Thanks for all the interest!

                        x39: Thank you for the info about the Limestone, ME event. I had just heard about it a day or two before we left & didn’t have time to check it out. Now their site is saved in my favorites.

                        I have no desire to horn in on anyone’s thunder so I need to make it clear that I was only the contact in this country as the bike was shipped to me from Great Britain. I cleared my shop & calendar so that the builder & I could do a few last minute things.

                        Patrick, the bike’s owner/builder started an online build diary last October at:

                        http://www.landracing.com/forum/inde...ic,8744.0.html

                        He covers a lot of detail as the bike was being constructed & likely answers most questions that you might have.

                        Here is a closer view of the bike on the trailer right after the first run. The general layout of the blower & drive is clearer:



                        Next is the burst valve after the 1st run:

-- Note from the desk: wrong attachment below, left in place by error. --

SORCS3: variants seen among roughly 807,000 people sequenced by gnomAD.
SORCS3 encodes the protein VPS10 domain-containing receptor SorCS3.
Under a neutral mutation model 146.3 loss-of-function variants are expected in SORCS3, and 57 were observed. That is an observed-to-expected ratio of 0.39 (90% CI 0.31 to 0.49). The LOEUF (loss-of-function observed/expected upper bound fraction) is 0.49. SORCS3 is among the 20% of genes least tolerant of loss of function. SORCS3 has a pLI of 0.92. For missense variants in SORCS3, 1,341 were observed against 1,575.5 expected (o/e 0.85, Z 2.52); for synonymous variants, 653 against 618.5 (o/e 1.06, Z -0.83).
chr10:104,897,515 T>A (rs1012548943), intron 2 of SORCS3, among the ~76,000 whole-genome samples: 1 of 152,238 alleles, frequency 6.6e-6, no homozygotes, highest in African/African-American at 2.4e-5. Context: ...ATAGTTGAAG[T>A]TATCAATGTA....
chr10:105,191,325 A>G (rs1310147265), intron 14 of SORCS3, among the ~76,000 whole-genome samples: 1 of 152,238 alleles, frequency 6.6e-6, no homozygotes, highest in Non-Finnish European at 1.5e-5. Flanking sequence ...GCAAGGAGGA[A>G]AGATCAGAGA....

It failed on the first run also, but at the end of the run.

                        Back when I was drag racing they used to make a spring loaded valve & called them pop off valves. The purpose of both styles is to protect the blower & intake tract from a backfire.

                        I’m w/you Black Moons that a deflector is needed - a minimum if this design is retained.

                        Personally I would have made this the spring type I was used to seeing because it would be closed after a backfire, reducing or eliminating the chance of fire.

                        Ah yes, “The World’s Fastest Indian” I believe it to be one of the best movies based on a true story that I have ever seen.

                        Two things really impressed me. First that everyone was portrayed in a positive light w/o being unrealistic. The second thing I liked was that they really captured Mr. Munro’s determination & craftsmanship.